Tuesday, 9 August 2011

The Bones of a Shelter

With the storm clouds building overhead and the distant rumble of thunder passing across the woodland I stepped off the wide track and onto the woodland floor beneath the dense canopy of the conifers. The woodland floor was carpeted with fallen pine needles and lay barren of the undergrowth that flourished in other areas close by. Before me lay abandoned shelters, their framework resembled the exposed carcass of a long dead beast clustered around the tall trunks of the pine trees.

I walked amongst the structures as the first drops of rain tapped into the canopy overhead. The frames had lasted many years but the covering of branches and fallen debris had slipped to the base of the frames or had been carried away in the passing of time. Some shelters would have comfortably held a single soul for a night or two, others were bigger and must have held a few occupants. I smiled as I stood among the rustic ruins, it appeared the youths from the village near by had received instruction on how to put together these shelters and had no doubt enjoyed some time in the company of friends and mentors in the past.

In the failing light and the approaching storm the bones of the shelters could have passed as a woodland sculpture. A bold statement of form and function harvested from the surrounding environment and gently decaying in harmony with its surroundings. Earlier in the evening I had passed the remains of another abandoned camp, a budget tent lay broken and strewn with plastic bags, its decay was far less harmonious and brought the traces of a throw away culture to a place that should be treated with a greater respect.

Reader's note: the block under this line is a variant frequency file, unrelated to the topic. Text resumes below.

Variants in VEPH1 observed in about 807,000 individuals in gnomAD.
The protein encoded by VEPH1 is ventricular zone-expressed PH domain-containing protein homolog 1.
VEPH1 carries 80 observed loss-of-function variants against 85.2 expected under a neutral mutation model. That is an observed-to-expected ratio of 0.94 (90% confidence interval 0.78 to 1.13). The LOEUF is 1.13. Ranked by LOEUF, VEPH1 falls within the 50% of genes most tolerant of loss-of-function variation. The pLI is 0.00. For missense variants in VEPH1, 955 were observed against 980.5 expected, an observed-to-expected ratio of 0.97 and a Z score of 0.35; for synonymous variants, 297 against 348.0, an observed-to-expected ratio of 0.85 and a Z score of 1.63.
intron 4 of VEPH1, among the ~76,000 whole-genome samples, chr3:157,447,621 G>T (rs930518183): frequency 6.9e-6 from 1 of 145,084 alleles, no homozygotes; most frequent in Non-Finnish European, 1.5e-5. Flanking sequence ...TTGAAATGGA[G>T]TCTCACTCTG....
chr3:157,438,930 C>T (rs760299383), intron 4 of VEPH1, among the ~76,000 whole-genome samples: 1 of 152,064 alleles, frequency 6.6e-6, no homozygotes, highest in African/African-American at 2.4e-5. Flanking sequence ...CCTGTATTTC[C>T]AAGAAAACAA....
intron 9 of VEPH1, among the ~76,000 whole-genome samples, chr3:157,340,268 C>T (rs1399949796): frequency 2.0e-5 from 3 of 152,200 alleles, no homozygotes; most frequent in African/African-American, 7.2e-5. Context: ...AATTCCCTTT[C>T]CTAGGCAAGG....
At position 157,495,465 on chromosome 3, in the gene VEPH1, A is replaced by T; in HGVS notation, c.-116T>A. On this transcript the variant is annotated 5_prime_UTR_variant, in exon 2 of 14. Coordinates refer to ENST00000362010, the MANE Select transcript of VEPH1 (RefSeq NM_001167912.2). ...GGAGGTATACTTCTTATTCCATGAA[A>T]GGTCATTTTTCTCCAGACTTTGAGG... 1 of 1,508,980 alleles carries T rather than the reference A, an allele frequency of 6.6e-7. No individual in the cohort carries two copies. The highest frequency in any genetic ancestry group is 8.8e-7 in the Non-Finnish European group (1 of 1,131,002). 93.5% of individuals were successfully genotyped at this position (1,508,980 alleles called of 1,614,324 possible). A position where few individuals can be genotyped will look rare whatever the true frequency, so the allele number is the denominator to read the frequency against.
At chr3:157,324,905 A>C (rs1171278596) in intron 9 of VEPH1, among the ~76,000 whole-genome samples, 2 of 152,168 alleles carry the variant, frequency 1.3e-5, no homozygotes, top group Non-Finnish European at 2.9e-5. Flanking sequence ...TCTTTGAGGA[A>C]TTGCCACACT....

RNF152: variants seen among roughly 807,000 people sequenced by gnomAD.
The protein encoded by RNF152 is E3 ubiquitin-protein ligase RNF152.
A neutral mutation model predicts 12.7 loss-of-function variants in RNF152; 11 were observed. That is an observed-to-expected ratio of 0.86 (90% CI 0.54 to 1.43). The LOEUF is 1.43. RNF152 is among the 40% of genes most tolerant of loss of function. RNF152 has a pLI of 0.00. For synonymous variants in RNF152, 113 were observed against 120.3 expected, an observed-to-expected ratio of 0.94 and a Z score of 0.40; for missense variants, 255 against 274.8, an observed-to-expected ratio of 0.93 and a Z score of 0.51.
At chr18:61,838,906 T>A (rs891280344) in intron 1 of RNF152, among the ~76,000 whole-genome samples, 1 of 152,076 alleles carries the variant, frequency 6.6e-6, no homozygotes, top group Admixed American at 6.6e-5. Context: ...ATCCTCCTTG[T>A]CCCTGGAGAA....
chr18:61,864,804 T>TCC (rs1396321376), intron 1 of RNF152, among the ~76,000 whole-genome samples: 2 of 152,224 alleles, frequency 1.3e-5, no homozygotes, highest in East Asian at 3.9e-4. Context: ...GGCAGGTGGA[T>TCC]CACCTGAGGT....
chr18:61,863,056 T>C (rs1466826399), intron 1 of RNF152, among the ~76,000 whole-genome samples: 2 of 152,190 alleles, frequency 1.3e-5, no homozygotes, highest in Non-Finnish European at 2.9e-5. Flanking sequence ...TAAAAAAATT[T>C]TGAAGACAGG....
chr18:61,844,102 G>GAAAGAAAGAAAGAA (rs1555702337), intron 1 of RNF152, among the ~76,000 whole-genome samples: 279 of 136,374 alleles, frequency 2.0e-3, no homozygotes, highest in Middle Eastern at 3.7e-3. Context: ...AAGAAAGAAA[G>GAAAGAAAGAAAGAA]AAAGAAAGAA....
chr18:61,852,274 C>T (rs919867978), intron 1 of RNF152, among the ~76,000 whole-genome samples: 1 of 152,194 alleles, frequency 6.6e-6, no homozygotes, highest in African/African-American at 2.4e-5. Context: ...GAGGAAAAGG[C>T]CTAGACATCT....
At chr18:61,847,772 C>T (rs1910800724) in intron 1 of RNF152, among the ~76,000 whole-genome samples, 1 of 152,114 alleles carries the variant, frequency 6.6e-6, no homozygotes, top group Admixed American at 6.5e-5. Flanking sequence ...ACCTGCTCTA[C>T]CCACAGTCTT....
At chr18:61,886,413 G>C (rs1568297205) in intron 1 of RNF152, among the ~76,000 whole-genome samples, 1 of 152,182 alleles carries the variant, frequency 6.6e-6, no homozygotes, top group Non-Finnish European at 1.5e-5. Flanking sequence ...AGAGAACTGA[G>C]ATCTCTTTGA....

I allowed the images of the harvested shelters to fill my mind for a moment, I suspect it had been many years since the woodland floor had been used for teaching and enjoyment in such a way. I hope the sight of the shelters will spark a fond image and perhaps encourage another group to enjoy the experience.


  1. That looks like Eeyore's house!

    The IoW countryside is littered with abandoned tents after every music festival.

  2. I guess it does :o)

    I have been told the music festivals leave a mess. It makes me wonder if people had to pay more for their possessions would they take better care of them and the environment in general. The way society and finances are going I suspect we may find out.

    As always, thanks for your comments Rob.